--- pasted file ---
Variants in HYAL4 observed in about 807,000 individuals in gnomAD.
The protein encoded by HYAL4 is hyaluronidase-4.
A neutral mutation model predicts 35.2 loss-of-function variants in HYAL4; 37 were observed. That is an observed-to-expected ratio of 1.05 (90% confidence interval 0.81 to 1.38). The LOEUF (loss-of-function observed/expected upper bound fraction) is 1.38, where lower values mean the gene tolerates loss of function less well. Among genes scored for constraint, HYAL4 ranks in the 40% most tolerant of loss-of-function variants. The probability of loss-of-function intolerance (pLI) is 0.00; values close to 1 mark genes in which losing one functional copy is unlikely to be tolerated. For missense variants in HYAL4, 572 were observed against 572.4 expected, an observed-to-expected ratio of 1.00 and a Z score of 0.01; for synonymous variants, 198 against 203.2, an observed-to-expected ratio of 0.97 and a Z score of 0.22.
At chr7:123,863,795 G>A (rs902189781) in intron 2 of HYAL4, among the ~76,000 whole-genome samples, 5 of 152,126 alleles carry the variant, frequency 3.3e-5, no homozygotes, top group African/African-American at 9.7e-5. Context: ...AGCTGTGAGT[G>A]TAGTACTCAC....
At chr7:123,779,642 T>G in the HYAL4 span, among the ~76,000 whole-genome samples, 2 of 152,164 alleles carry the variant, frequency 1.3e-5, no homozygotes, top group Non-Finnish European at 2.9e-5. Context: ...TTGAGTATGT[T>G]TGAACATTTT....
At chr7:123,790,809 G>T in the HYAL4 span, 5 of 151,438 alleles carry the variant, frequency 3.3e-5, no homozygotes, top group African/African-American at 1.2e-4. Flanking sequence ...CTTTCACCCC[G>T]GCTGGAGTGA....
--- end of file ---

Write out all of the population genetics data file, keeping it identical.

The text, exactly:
Variants in HYAL4 observed in about 807,000 individuals in gnomAD.
The protein encoded by HYAL4 is hyaluronidase-4.
A neutral mutation model predicts 35.2 loss-of-function variants in HYAL4; 37 were observed. That is an observed-to-expected ratio of 1.05 (90% confidence interval 0.81 to 1.38). The LOEUF (loss-of-function observed/expected upper bound fraction) is 1.38, where lower values mean the gene tolerates loss of function less well. Among genes scored for constraint, HYAL4 ranks in the 40% most tolerant of loss-of-function variants. The probability of loss-of-function intolerance (pLI) is 0.00; values close to 1 mark genes in which losing one functional copy is unlikely to be tolerated. For missense variants in HYAL4, 572 were observed against 572.4 expected, an observed-to-expected ratio of 1.00 and a Z score of 0.01; for synonymous variants, 198 against 203.2, an observed-to-expected ratio of 0.97 and a Z score of 0.22.
At chr7:123,863,795 G>A (rs902189781) in intron 2 of HYAL4, among the ~76,000 whole-genome samples, 5 of 152,126 alleles carry the variant, frequency 3.3e-5, no homozygotes, top group African/African-American at 9.7e-5. Context: ...AGCTGTGAGT[G>A]TAGTACTCAC....
At chr7:123,779,642 T>G in the HYAL4 span, among the ~76,000 whole-genome samples, 2 of 152,164 alleles carry the variant, frequency 1.3e-5, no homozygotes, top group Non-Finnish European at 2.9e-5. Context: ...TTGAGTATGT[T>G]TGAACATTTT....
At chr7:123,790,809 G>T in the HYAL4 span, 5 of 151,438 alleles carry the variant, frequency 3.3e-5, no homozygotes, top group African/African-American at 1.2e-4. Flanking sequence ...CTTTCACCCC[G>T]GCTGGAGTGA....